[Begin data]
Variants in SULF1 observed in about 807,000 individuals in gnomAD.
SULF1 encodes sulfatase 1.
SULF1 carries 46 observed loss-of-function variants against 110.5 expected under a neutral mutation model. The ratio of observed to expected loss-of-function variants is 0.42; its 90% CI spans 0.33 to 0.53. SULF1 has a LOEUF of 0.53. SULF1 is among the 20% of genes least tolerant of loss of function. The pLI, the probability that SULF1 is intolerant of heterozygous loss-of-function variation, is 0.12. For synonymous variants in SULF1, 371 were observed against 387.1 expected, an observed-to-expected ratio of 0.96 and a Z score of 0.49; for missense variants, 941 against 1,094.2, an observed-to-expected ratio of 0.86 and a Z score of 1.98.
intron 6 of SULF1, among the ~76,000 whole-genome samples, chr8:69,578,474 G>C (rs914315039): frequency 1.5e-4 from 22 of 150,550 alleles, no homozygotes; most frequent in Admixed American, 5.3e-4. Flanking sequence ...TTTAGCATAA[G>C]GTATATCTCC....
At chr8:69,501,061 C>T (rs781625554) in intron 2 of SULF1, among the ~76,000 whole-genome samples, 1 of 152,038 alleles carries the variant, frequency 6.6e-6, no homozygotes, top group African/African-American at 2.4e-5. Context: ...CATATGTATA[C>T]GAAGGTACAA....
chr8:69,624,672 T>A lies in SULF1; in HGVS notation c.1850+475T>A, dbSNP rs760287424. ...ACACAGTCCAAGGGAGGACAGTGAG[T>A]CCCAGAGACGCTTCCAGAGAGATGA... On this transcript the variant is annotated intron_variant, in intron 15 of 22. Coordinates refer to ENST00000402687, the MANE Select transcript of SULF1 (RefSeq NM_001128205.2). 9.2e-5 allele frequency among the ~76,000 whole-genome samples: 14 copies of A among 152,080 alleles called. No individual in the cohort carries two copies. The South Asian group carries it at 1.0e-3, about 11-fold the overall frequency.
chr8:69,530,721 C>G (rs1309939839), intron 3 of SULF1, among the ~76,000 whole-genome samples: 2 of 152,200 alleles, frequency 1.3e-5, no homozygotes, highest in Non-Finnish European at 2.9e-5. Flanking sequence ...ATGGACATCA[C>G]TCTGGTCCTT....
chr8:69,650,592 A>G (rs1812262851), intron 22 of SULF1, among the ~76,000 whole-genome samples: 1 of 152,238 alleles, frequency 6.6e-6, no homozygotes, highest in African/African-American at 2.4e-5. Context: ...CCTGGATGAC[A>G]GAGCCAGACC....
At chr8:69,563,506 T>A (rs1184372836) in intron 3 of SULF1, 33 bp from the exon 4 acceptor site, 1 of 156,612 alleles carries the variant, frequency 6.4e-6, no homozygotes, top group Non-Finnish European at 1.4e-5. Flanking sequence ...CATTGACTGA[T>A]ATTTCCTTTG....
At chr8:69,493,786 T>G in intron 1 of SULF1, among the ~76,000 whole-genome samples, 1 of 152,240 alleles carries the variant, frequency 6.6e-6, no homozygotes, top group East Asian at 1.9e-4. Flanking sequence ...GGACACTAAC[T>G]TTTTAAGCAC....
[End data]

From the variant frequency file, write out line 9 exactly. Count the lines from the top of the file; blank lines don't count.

At chr8:69,563,506 T>A (rs1184372836) in intron 3 of SULF1, 33 bp from the exon 4 acceptor site, 1 of 156,612 alleles carries the variant, frequency 6.4e-6, no homozygotes, top group Non-Finnish European at 1.4e-5. Flanking sequence ...CATTGACTGA[T>A]ATTTCCTTTG....